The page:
Q: How do I choose and care for perennials in my Gulf Coast garden?

A: Although I succumb to the lure of the floral displays at the big-box stores each spring, I must admit that watching the perennials in my yard wake up is a more rewarding experience. Maybe the best part is that after the initial investment, perennials are practically free. Most perennials along the Gulf Coast are easy to grow if you adhere to a few simple rules.

1: Know your zone and when to plant
Some of the plants considered annuals for which we shop at the big-box stores are actually perennials in warmer climates. This explains why a beautiful yellow mandevilla that I treasured for some years died during one particularly cold winter. I had bought it labeled as a perennial, but as an inexperienced gardener at the time, I had failed to check my growing zone. I have since learned that I can keep my frost-tender perennials, including my mandevillas (Mandevilla spp.) and allamandas (Allamanda cathartica), alive by covering them or putting the ones growing in pots in the garage when temperatures plummet.

For best results, plant perennials in the fall to give them a chance to establish their roots before they have to contend with the not-so-gentle summers along the Gulf Coast. It is also good to do a soil test to check for compatibility. This can be done through the local county extension office on Schillinger Road.

2: Know your desired colors
Know what colors will enhance your garden, when and how long the perennials you plant will bloom and how large they will grow.

If I could only have one plant in my yard, it would be purple Muhly grass (Muhlenbergia capillaris). I love it for its beautiful, diaphanous, pink feathery plumes that burst forth in the fall. When many of the other flowers are pretty well spent, Muhly grass is still showing off.

Take note that the contents of a pot that tucks into a small space in the car on the way home from the nursery can engulf a major section of a flower bed in a season or two. Muhly grass is one of these, but if anything has to take over in my flower bed, please let it be this beautiful plant.

It is also worth remembering that some perennials will die back, leaving a blank space in the flower bed after the cold weather sets in, so think in terms of putting these near plants that can brave drops in temperature if a blank space in winter is not in keeping with your general landscaping plan.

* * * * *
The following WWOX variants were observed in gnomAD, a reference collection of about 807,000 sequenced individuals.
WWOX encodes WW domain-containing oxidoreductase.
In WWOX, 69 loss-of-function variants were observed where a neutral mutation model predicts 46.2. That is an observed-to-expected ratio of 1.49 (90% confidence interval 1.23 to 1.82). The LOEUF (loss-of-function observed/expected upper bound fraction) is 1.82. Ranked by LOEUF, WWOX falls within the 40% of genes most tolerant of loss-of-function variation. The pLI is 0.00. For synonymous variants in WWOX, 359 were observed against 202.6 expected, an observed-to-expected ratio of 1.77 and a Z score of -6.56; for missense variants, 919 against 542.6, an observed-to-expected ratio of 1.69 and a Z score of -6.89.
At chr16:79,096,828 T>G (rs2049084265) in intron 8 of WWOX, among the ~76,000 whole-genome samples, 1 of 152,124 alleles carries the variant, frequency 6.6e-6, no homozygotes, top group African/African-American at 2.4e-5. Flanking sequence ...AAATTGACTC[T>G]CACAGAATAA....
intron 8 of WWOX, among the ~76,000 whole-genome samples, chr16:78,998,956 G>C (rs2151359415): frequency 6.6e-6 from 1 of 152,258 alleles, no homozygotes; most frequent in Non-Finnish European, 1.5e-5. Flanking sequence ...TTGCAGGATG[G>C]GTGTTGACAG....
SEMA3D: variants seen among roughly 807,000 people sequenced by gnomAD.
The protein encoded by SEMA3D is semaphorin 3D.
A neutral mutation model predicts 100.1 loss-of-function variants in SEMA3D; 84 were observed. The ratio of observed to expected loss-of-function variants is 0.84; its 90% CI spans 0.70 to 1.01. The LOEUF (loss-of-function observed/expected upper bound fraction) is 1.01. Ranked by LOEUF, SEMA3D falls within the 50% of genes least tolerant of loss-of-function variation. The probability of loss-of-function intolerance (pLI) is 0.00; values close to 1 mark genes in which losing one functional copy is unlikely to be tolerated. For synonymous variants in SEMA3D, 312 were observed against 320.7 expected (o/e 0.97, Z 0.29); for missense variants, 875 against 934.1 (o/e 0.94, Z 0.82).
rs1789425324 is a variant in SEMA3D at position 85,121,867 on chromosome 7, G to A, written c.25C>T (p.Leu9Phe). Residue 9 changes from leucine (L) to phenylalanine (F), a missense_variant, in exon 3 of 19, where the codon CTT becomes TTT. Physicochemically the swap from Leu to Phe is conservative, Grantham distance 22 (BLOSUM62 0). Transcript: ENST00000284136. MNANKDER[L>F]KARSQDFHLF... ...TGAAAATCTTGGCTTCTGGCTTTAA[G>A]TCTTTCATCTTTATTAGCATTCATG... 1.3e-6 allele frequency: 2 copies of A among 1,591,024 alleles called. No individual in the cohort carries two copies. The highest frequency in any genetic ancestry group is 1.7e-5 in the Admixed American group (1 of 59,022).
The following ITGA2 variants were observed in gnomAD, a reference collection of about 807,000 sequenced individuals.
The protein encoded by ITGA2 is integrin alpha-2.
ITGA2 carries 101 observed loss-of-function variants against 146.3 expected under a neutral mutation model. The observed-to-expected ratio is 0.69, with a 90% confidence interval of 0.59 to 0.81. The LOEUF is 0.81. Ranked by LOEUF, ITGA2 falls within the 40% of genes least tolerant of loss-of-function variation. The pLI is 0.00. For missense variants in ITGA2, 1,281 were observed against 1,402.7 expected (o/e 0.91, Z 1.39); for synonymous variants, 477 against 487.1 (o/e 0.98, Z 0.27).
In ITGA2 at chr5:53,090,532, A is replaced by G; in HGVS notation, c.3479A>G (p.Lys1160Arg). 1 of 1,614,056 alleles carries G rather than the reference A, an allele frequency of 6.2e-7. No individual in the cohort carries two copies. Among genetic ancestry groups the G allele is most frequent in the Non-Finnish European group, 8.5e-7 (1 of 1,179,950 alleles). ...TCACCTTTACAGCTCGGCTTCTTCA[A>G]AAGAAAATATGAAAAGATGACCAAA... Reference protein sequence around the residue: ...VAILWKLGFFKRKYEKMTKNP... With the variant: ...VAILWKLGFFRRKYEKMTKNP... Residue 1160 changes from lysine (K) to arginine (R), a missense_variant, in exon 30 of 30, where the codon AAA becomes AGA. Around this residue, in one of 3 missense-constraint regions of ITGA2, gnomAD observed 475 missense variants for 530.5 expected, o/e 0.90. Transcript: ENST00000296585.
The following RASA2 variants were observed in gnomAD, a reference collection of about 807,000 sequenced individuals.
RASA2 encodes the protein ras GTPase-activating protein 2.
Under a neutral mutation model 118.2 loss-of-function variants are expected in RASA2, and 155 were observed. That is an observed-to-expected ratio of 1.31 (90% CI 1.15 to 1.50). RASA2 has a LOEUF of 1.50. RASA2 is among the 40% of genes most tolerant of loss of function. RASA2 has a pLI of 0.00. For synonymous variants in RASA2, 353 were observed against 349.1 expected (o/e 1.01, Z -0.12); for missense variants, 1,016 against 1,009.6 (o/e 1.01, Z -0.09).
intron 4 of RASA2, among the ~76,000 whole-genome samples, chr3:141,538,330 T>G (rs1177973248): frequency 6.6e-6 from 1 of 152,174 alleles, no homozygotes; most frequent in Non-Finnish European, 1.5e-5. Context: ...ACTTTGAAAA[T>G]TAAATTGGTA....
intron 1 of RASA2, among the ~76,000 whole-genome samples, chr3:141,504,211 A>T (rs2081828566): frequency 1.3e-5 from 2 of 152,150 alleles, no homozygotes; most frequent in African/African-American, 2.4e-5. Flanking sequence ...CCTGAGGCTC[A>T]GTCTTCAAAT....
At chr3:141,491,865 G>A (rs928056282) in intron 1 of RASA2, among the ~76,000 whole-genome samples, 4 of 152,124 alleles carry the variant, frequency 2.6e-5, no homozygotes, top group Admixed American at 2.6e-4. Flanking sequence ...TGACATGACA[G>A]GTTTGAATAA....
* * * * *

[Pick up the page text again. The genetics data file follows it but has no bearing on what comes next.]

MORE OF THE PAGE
3: Check optimal growing conditions
Try to plant your perennials where they will flourish. If they like full sun, then so be it. If deadheading prolongs blooming, get out your clippers. Fortunately, many of the truly lovely perennials along the Gulf Coast are drought tolerant and can handle heat and humidity. Many of the perennials from which we have to choose are virtually maintenance free after they are established in your garden.

If you have a serious trouble spot and want a nice ground cover, consider wedelia (Wedelia acapulcensis). Its deep green leaves and abundant daisy-like flowers are a nice contrast with taller plants, although you will have to monitor it or it will extend far beyond its intended borders.

To be safe, plant it in a flower bed that is bordered on all sides by concrete. When I gave a cutting to one of my friends for an area where she couldn’t make anything grow, it became so profuse that she said the only way she got rid of it was to move. Blue daze (Evolvulus glomeratus) is also a lovely perennial ground cover, and, unlike wedelia, it is not invasive. It is, however, cold sensitive and may need to be covered if temperatures drop.

4: Pay attention to pests
If you have a garden, be it vegetable or flower, you will have pests. However, the best defense against garden pests is a healthy plant, and that is achieved most effectively through proper use of water, fertilizer and mulch. Should you find it necessary to spray pests, using an insecticidal soap that contains natural ingredients harmless to people and pets is the place to start. These can be purchased at any garden center, or you can make your own version with simple kitchen dish soap. If the soap doesn’t work to your satisfaction, it may be worth taking a sample of the pest or damaged plant part to the county extension agent for advice.

5: Prune judiciously
If you prune before really cold weather sets in, you run the risk of encouraging your perennials to produce new growth shoots that will get “burned” during subsequent cold snaps. You can cut back any dead, dying or damaged parts of your perennials at any time. If you want to provide seed heads for foraging birds, you’ll want to wait until late winter to prune coneflowers, heliopsis and black-eyed Susans.

When pruning, cut perennials to within two to three inches of ground level. In addition to an annual pruning, some perennials, such as butterfly bush (Buddleia davidii), may benefit from additional, less-vigorous pruning during the growing season to avoid developing an undisciplined and gangly appearance.

For expert advice about selecting and growing perennials along the Gulf Coast, check “Easy Gardens for the South” by Cotton, Crawford and Pleasant. Email your questions at CoastalAlabamaGardening@gmail.com.